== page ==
Institutional challenges and alternatives: Revision of fiscal rules in the EU

Please cite the paper as:
Mogens Ove Madsen, (2018), Institutional challenges and alternatives: Revision of fiscal rules in the EU, World Economics Association (WEA) Conferences, No. 2 2018, The 2008 Economic Crisis Ten Years On, 15th October to 30th November, 2018

Abstract

Fiscal policy in the EU crisis management has been given an overly restrictive role. Even the fact that the ECB has, at its own discretion, launched a QE policy – to notice after the fiscal tightening – has not had the expected impact on investment activity or inflation rate in Europe. Similarly, public investment has not been used sufficiently as an anti-cyclic instrument. Financial policy must be given a greater role in EU cooperation.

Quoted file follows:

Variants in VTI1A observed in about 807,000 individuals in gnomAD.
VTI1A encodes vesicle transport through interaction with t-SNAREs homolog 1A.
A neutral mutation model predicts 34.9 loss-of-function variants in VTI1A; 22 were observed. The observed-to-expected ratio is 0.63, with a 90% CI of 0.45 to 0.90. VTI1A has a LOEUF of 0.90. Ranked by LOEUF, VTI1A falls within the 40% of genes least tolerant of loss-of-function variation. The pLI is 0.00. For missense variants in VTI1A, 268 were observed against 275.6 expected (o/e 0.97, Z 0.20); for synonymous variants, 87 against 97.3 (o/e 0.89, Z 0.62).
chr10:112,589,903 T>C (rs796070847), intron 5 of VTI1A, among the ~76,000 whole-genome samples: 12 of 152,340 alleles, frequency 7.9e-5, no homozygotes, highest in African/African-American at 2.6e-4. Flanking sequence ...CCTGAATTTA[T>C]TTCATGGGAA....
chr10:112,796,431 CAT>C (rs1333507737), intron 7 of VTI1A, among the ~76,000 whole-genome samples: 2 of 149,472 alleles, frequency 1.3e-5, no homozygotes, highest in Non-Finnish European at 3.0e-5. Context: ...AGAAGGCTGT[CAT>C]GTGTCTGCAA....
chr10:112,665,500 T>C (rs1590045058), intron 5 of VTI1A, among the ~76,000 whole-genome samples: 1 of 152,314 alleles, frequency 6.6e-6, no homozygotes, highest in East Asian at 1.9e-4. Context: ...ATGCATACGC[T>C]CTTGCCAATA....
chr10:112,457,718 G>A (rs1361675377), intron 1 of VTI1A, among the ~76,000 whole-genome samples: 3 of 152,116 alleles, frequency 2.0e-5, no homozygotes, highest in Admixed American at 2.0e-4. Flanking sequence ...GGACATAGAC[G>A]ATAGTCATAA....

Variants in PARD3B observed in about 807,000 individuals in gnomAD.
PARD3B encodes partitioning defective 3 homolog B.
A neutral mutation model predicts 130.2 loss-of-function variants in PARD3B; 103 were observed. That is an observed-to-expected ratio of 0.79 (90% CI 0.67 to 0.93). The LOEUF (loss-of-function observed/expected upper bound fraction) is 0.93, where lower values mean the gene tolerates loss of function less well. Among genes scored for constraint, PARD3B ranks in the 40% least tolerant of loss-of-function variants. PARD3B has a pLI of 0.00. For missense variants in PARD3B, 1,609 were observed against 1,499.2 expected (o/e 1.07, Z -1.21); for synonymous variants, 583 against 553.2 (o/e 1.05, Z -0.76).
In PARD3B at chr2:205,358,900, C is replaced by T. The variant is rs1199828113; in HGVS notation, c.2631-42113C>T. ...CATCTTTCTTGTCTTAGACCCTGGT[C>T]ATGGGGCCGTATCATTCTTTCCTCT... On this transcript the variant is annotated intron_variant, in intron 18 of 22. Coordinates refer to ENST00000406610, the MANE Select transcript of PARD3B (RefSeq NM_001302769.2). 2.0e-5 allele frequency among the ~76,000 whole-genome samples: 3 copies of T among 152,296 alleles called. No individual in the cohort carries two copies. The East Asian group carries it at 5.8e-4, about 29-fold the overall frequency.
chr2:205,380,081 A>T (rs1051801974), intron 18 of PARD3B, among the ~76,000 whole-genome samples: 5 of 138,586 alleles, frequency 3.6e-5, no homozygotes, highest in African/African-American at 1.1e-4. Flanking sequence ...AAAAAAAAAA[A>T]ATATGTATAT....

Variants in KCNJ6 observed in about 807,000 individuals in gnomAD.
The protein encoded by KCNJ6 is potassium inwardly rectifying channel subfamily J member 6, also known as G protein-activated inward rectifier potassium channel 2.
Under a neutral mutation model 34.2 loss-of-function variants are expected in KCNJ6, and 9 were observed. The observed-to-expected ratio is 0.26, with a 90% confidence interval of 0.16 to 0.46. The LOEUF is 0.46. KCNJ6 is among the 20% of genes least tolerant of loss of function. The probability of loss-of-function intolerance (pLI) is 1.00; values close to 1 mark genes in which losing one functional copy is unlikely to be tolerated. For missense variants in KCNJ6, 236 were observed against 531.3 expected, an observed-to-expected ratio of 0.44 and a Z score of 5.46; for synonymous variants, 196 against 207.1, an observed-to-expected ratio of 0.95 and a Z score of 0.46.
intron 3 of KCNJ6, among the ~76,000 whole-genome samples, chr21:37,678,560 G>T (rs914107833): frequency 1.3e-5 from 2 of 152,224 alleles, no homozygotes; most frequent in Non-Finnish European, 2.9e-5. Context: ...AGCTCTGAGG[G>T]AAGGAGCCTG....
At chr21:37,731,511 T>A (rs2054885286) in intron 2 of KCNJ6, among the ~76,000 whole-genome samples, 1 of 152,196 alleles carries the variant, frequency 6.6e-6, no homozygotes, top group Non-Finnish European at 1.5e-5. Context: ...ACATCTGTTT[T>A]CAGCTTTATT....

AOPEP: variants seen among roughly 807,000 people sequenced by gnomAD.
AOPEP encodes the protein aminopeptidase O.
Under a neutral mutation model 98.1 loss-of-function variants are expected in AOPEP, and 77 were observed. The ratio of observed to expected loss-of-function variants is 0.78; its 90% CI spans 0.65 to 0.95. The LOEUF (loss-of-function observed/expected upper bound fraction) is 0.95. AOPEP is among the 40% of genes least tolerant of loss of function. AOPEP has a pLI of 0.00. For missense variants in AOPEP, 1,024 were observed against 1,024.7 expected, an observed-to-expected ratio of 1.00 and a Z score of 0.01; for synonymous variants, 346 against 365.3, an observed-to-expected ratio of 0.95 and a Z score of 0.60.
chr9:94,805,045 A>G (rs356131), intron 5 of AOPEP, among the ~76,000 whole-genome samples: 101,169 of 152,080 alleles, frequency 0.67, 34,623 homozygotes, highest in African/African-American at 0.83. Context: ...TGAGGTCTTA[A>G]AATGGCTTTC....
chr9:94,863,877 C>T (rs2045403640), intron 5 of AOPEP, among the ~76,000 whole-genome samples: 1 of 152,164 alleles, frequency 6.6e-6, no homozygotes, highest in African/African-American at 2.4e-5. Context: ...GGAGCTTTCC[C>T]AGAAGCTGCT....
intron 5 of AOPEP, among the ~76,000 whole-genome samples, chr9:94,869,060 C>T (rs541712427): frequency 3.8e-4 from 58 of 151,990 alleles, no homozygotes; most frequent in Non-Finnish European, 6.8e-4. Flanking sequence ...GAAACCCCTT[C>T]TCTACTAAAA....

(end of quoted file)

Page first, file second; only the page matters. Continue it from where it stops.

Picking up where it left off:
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2 comments

  • Arturo Hermann says:

    I agree with most of your points. In my humble opinion much needs to be reformed at the EU level and Maastricht parameters. The real problem, however, is that the attainment of such parameters is supposed to be realised, by the prevailing neo-liberal stance, through cuts in public spending.
    This is wildly unrealistic as public spending plays a central and irreplaceable role in providing public goods and maintaining effective demand. If this requires higher taxation, this can be realised by taxing more higher incomes and rent, while providing incentives for small and medium enterprises. Hence, I would stand for a smaller public sector’s deficit, also on account of the so-called Haavelmo’s theorem according to which also a balanced public budget has expansionsry effects.

  • Alicia Green says:

    I agree with most of your points. Can you say something more on your conclusions, “As an example public investment could be given a special status and also to elaborate on a proposal that leaves greater degree of fiscal independence to the individual countries combined with a cyclical
    stabilization mechanism at the European level.”?